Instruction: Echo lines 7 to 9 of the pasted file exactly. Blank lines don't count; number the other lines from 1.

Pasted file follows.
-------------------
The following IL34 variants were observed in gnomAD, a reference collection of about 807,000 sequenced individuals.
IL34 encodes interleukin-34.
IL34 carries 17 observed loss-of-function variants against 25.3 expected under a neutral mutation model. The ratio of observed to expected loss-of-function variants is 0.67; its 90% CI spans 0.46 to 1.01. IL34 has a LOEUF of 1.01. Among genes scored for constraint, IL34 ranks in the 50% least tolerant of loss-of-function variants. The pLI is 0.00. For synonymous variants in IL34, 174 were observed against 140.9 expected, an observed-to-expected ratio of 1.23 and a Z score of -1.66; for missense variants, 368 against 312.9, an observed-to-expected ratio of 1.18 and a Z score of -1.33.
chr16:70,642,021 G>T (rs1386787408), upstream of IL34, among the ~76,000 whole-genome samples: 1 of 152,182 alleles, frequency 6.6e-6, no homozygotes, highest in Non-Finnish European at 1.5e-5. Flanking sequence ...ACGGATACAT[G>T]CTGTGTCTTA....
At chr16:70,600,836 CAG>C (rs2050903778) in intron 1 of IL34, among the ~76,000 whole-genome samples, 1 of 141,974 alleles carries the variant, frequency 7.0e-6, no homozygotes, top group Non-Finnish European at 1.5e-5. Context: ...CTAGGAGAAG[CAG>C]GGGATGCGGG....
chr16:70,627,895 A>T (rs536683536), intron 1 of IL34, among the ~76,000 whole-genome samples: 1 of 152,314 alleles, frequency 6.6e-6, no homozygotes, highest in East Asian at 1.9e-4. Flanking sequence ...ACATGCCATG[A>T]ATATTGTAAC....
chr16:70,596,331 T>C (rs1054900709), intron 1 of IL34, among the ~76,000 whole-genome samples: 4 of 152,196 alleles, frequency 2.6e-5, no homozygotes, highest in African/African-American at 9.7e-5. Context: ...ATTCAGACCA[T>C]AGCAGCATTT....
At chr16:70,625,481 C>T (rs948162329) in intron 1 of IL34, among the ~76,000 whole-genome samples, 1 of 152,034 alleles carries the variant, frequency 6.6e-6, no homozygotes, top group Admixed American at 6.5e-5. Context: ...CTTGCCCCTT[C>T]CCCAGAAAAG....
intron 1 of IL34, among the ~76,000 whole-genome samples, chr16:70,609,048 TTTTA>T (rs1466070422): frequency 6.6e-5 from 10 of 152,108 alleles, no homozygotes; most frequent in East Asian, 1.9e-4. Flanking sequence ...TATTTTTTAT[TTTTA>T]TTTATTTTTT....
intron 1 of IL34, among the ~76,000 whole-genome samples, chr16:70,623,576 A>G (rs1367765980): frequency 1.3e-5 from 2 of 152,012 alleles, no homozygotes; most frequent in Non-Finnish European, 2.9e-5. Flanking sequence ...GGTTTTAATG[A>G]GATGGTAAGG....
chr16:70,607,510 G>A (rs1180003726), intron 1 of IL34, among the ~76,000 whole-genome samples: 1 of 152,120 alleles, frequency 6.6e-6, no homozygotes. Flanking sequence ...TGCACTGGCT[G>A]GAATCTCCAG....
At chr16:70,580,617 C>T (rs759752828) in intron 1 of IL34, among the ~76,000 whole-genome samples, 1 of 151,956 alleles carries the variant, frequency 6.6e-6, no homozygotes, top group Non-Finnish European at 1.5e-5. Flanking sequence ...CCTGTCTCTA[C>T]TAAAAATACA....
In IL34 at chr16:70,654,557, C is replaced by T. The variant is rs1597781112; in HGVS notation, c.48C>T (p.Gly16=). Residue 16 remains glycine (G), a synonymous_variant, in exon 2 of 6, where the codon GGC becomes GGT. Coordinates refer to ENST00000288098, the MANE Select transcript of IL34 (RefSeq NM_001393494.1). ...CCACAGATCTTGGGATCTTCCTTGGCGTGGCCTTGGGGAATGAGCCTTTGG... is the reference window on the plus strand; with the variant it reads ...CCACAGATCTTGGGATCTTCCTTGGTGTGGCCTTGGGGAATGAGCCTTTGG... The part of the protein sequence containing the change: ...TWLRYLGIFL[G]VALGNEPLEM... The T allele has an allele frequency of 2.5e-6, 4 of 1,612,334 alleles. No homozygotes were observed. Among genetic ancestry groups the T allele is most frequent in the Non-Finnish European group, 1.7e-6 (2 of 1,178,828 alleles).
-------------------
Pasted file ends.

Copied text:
chr16:70,596,331 T>C (rs1054900709), intron 1 of IL34, among the ~76,000 whole-genome samples: 4 of 152,196 alleles, frequency 2.6e-5, no homozygotes, highest in African/African-American at 9.7e-5. Context: ...ATTCAGACCA[T>C]AGCAGCATTT....
At chr16:70,625,481 C>T (rs948162329) in intron 1 of IL34, among the ~76,000 whole-genome samples, 1 of 152,034 alleles carries the variant, frequency 6.6e-6, no homozygotes, top group Admixed American at 6.5e-5. Context: ...CTTGCCCCTT[C>T]CCCAGAAAAG....
intron 1 of IL34, among the ~76,000 whole-genome samples, chr16:70,609,048 TTTTA>T (rs1466070422): frequency 6.6e-5 from 10 of 152,108 alleles, no homozygotes; most frequent in East Asian, 1.9e-4. Flanking sequence ...TATTTTTTAT[TTTTA>T]TTTATTTTTT....